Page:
GeorgetownX: Introduction to Bioethics MOOC Archive

About this Digital Archive

This is the institutional archive for PHLX101-01, the first Massive Open Online Course (MOOC) in introductory bioethics. Created by the Kennedy Institute of Ethics at Georgetown University, it was first published on edX on April 15th, 2014. The six-week online course featured twelve topics taught by seven leaders in the field of bioethics. Notable innovations to the nascent MOOC format included “Explore More” topic guides, “Do More” activities to supplement readings, lectures and quizzes and “TEDx-style” introductions to each week’s topics filmed in historic Gaston Hall.

This archive is available to members of the Georgetown Community who have a current NetID. To access the archive visit the Digital Georgetown collection and enter your NetID and password when prompted.

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Original Course Trailer

Original Course Description

Introduction to Bioethics explores some of the most difficult – and fascinating – moral challenges we face in health, medicine, and emerging technologies.

Should we clone humans? Who owns our DNA? How much control should we have over how and when we die? When does medical treatment turn into medical enhancement — and should we care? Is rationing health care good, bad, necessary — or all of the above?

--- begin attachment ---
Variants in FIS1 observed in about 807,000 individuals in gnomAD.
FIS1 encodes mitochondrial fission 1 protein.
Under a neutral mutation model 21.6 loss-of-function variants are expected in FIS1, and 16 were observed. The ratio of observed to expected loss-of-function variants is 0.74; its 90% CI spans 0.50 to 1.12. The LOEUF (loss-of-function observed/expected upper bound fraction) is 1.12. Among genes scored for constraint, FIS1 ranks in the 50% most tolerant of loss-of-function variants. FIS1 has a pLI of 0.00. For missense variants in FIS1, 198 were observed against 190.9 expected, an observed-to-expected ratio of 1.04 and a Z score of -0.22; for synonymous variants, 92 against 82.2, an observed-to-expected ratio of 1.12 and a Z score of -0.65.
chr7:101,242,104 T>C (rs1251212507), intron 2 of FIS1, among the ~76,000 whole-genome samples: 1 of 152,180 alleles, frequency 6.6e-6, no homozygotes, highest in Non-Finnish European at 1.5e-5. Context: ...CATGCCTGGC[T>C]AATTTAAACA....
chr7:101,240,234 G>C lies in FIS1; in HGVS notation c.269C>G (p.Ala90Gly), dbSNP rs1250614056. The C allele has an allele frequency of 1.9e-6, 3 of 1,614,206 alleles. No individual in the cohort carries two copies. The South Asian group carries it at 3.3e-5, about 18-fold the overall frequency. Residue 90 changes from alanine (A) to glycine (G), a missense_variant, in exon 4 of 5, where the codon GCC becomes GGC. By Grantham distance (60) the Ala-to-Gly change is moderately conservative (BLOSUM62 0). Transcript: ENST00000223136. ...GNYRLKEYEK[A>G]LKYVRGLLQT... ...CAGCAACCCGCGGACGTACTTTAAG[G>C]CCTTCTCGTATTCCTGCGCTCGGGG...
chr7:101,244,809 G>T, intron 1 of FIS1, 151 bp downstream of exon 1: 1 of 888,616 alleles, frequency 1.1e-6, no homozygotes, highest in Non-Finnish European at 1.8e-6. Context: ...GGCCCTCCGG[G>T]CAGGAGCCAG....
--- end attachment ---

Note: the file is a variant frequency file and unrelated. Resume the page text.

This course will explore fundamental moral issues that arise in medicine, health, and biotechnology. Get behind the headlines — and polarized debates — and join others who want to think deeply and openly about these problems. Some are as old as life itself: the vulnerability of illness, the fact of death. Some are new, brought on by a dizzying pace of technology that can unsettle our core ideas about human nature and our place in the world. And nearly all intersect with issues of racial and gender equality, as well as policies affecting the world’s most vulnerable populations.

Designed to introduce students to the range of issues that define bioethics, together with core concepts and skills, this course should be of interest to undergraduates, health care professionals, policy makers, and anyone interested in philosophy or ethics.